[0032]FIG. 15 shows an exemplary GRCS architecture including a document server;

[0033]FIG. 16 shows an exemplary GRCS architecture including web-enabling features;

[0034] FIGS. 17-19 shows exemplary screens for retrieving MSDS documents based on various search techniques;

[0035]FIG. 20 shows an exemplary GRCS architecture including a front-end dispatch server; and

[0036]FIG. 21 shows an exemplary screen for inputting a request for an MSDS document using the GRCS architecture shown in FIG. 20.

DETAILED DESCRIPTION OF THE INVENTION

[0037] 1. Exemplary System Architecture (FIGS. 1-3)

[0038] The invention is directed to a system 100 for use in ensuring compliance with regulations regarding the shipment of products between multiple regions and/or the handling/use of products within the regions. As used in this document, the term “region” refers to a geographic area that falls within a defined jurisdiction. In a typical application, the regions may correspond to different countries. However, the regions may pertain to other types of geographic areas. For instance, the regions may corresponds to different geographic areas within a particular country, such as different counties, districts, provinces, etc. Alternatively, the regions may pertain to conglomerates of different jurisdictions (such as the European Union).

[0039] The regulations may reflect different policy objectives identified by particular regions. For example, the regulations may stem from safety-based concerns, environmental concerns, trade-based concerns, etc. To facilitate explanation, however, the discussion that follows is framed mainly in the context of regulations aimed at protecting humans and the environment from products that are regarded as dangerous (e.g., because they contain hazardous chemicals or other substances).

[0040] By way of overview, the system 100 of FIG. 1 includes a Global Regulatory Compliance System (GRCS) 110. The GRCS 110 is coupled to multiple other systems via a system-wide network 150. The systems include one or more order entry systems (such as order entry systems 102 and 104), one or more regulation source systems (such as regulation source system 112), one or more product information generating systems (such as product information generating system 108, also known as a Bill of Materials, or “BOM,” system), and various other systems 106 that may be appropriate to particular applications and business environments. The order entry systems (e.g., 102 and 104) generate shipment order records when sales representatives place orders for products (on behalf of customers) using the systems. These records are forwarded to the GRCS 110, which consults its internal databases and tables, and formulates compliance-related data pertaining to the shipment for dispatch to interested parties. The compliance-related data may specify that the shipment is prohibited. Alternatively, the compliance-related data may identify procedures that should be followed to ensure the legality of the shipment. The regulation source system 112 maintains information regarding regulations adopted by plural regions. The product information generating system 108 maintains information regarding products that may be shipped using the system 100. Information from the regulation source system 112 and the product information generating system 108 may be downloaded to the GRCS's internal data storage, to thereby ensure that the GRCS has up-to-date information for use in making its compliance-related analysis. Each of the above-identified systems will be discussed in further detail below.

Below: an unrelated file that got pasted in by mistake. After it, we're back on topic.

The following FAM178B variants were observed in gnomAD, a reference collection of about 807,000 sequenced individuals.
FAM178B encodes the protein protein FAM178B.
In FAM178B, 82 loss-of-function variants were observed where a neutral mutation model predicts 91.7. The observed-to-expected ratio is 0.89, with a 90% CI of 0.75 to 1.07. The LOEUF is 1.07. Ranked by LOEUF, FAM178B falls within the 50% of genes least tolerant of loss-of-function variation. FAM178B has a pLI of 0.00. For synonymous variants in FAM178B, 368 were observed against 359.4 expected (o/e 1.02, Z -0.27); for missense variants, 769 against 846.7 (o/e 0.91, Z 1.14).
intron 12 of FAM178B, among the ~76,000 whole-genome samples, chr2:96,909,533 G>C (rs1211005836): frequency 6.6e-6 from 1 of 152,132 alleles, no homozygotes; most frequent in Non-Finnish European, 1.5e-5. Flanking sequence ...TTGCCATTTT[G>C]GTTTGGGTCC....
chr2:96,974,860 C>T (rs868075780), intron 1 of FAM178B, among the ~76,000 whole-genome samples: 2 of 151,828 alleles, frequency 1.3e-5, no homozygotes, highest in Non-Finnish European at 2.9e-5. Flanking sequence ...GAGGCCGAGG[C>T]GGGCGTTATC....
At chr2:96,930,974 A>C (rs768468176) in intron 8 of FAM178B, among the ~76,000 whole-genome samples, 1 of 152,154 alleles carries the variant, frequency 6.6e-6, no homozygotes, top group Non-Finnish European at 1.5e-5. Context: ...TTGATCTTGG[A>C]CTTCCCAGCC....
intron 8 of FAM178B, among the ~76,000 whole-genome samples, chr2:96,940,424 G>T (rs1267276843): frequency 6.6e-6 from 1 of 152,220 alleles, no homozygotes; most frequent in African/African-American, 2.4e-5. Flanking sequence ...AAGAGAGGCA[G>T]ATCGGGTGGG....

[0041] To begin with, the GRCS 110 includes GRCS processing functionality 120 for performing its ascribed compliance-related tasks (identified below). This functionality 120 may be implemented as any type of architecture, including a server type of architecture (e.g., in the context of a client-server embodiment), a mainframe type of architecture, a hybrid form of architecture, or other type of architecture. Further, the functionality 120 may be implemented as a single head-end system (such as a single UNIX head-end processor). Alternatively, the functionality 120 may be implemented as multiple head-end systems that are coupled to each other (such as multiple UNIX processors). These multiple head-end systems may be located at a single site, or located at plural sites in a distributed fashion. Additional details regarding possible architectures for use in the GRCS 110 are provided in section No. 4 of this document.